I want to introduce you to Erin Hawley, Focus on the Family’s newest author. Erin is a wife, mother to two young boys and also a practicing lawyer and professor of law. This following excerpt comes from her wonderful new book, Living Beloved: Lessons from My Little One About the Heart of God.
If you think of someone who needs this does of perspective, please consider passing it along. I’d also like to encourage you to pick up a copy of her book in our store – and let me know how this message resonate with you by leaving your feedback in the comments section below.
Praising God with Our Daily Work
With characteristic zest, children show us what it looks like to live a life of praise. They show us how to praise God with our every action. I think of my boys somersaulting down bounce house slides or the stairs in our house (seriously?). Somehow, the sheer terror of it all results in breathless delight. Children push their bodies to the limits. They make full use of their capacities, talents, and gifts; they revel in their ability, even if these things are difficult, to run and to dance.
By living the lives they’ve been given, by embracing their design and gifts, my boys help me to understand more fully the command of Romans 12:1: to present our bodies as a living sacrifice. Romans 12 tells us that true worship and praise is the devotion of our entire lives to God. As The Message puts it, “Take your everyday, ordinary life—your sleeping, eating, going-to-work, and walking-around life—and place it before God as an offering” (Romans 12:1). Children show us how to praise by their exuberant embrace of every undertaking—no matter how small or seemingly insignificant.
A special word here for moms. No task is insignificant. The work that God has given you to do today—nursing your baby, changing diapers, wiping noses and bottoms, cleaning up messes, sweeping the kitchen floor for the umpteenth time—it is valuable. The tasks that can seem mundane and monotonous may be the very servantlike ones that the God Most High values most.
As a mom, it can feel as if so much of what you do year-in and year-out goes unseen. It can feel as if no one notices how many diapers you have changed today or how many hours of sleep you have sacrificed. But the God who knows when every sparrow falls counts every minute of sleep you have gone without, every time you’ve eaten standing up, every time you’ve been fragile with exhaustion.
You are seen, dear one. And the work you are doing today has immense value.
Under the new covenant, we no longer bring sacrifices to the altar, but our lives become the sacrifice. John Piper writes, “It is your living that is the act of worship.” This understanding of worship and praise transforms the way we see our lives and our work. It isn’t just those in full-time ministry who are doing God’s work but every one of us in our ordinary lives. When the whole of our lives is offered to God, we can worship Him and bring Him glory through our every action.
The famous reformer Martin Luther gave dignity to secular work. He rejected the view that religious activities were the most worshipful but rather argued that it’s “a good work when a man works at his trade, walks, stands, eats, drinks, sleeps, and does all kinds of works for the nourishment of his body or for the common welfare.” In contrast to those who would define religious good works narrowly—praying, fasting, and almsgiving—Luther emphasized the value God places on ordinary work.6 In particular, Luther taught that the Lord was especially pleased with the normal things of family life, even though some of those things (like changing diapers!) might seem culturally “insignificant, distasteful, [or] despised.”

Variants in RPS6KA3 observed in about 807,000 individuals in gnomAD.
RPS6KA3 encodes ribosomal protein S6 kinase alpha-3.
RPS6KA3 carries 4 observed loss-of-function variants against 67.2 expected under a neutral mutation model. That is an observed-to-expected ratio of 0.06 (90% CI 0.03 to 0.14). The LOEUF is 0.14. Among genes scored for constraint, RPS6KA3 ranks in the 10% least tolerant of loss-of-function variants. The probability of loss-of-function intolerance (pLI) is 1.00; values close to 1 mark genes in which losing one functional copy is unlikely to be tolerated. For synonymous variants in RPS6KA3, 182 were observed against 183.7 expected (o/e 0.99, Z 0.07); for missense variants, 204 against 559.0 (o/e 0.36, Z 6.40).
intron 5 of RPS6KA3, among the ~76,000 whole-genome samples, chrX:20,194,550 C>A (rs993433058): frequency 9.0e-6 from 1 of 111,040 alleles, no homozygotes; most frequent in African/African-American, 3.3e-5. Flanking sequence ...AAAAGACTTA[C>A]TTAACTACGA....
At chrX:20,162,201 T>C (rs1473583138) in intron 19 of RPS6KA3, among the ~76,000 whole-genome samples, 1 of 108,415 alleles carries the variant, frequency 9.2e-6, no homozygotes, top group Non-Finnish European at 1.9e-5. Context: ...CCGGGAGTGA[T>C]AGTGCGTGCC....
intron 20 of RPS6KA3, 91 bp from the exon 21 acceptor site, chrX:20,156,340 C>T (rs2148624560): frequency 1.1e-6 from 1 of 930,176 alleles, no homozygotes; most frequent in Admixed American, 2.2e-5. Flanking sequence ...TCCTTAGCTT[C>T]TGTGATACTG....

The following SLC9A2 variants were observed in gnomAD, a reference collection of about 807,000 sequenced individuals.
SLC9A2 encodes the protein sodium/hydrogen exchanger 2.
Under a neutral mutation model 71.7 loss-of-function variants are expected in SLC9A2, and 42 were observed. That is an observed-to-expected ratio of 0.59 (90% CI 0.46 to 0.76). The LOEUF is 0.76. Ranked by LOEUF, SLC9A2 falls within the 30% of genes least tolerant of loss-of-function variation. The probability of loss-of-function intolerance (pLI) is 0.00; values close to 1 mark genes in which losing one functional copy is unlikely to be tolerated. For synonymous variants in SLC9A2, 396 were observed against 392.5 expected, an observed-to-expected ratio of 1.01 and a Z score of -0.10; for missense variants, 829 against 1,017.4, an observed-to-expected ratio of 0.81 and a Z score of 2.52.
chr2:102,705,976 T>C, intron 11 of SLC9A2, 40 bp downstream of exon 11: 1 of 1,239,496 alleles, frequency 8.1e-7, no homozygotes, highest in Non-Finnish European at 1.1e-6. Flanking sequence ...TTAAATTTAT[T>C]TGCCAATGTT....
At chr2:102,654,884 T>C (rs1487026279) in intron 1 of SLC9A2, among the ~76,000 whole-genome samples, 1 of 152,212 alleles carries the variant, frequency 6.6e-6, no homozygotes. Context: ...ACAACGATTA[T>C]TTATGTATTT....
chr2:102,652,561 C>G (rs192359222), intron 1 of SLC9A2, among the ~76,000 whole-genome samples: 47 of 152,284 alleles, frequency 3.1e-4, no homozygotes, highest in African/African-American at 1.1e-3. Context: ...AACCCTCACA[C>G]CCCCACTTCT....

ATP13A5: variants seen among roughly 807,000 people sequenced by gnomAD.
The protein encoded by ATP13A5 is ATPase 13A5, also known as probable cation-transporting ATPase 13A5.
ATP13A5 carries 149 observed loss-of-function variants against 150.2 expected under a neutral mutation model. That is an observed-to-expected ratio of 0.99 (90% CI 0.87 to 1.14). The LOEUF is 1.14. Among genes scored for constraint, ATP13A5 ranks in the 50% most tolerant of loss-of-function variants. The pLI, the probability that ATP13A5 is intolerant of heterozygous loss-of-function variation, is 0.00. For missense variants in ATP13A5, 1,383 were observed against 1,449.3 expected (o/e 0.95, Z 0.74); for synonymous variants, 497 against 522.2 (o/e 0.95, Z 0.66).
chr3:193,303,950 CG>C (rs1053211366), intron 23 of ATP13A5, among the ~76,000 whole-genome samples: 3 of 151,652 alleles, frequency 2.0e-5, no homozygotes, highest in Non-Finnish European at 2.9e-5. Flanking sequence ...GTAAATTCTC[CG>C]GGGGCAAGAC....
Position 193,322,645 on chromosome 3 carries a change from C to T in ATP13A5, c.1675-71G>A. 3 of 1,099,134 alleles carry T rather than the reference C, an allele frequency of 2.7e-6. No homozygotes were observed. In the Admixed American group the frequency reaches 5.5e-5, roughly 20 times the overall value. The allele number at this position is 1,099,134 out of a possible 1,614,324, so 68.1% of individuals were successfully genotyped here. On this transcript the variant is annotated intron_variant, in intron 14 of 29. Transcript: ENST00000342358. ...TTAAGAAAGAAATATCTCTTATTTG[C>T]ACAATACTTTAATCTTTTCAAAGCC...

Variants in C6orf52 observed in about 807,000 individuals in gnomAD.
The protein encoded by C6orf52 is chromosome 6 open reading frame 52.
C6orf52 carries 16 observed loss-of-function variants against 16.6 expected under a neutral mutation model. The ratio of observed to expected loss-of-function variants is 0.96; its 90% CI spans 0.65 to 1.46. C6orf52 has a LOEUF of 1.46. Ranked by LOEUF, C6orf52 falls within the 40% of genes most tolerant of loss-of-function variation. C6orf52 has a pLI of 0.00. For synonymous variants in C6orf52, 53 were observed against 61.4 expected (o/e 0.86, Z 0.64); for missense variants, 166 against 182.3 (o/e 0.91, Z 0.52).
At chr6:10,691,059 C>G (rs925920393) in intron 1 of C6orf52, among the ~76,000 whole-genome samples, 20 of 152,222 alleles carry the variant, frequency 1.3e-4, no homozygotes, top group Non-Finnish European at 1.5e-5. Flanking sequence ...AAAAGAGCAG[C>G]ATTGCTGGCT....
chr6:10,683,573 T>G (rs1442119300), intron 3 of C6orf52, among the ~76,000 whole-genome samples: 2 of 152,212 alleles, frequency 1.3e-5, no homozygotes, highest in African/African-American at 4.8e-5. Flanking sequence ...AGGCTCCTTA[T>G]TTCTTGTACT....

Centuries later, his namesake, Dr. Martin Luther King Jr., made the same point: “No work is insignificant. All labor that uplifts humanity has dignity and importance and should be undertaken with painstaking excellence.”
“If a man is called to be a street sweeper, he should sweep streets even as Michelangelo painted or Beethoven composed music or Shakespeare wrote poetry. He should sweep streets so well that all the hosts of heaven and earth will pause to say, ‘Here lived a great street sweeper who did his job well.’”
The Martin Luthers understood the core teaching of Romans 12: We are to offer up the entirety of our lives in praise and worship. We are to hold no part of ourselves back. We are to praise God with our voices, our eyes, our ears, our hands, and our feet. The Romans 12 picture of worship upends our church culture’s current definition of praise—as thirty-some minutes of singing before the sermon begins. We are to offer up everything in worship and praise—our time, resources, work, dreams, and ambitions.
As we offer God our lives, the very calling of motherhood becomes praise. Each and every moment placed before God is an offering. And make no mistake: This offering of your everyday life is just as pleasing to the Lord as a well-attended sermon or worship service.
Dear ones, this is such good news. God is satisfied, delighted even, with us and our worship and praise of Him when we offer the lives He has given us—not someone else’s life but our very own—back to Him.
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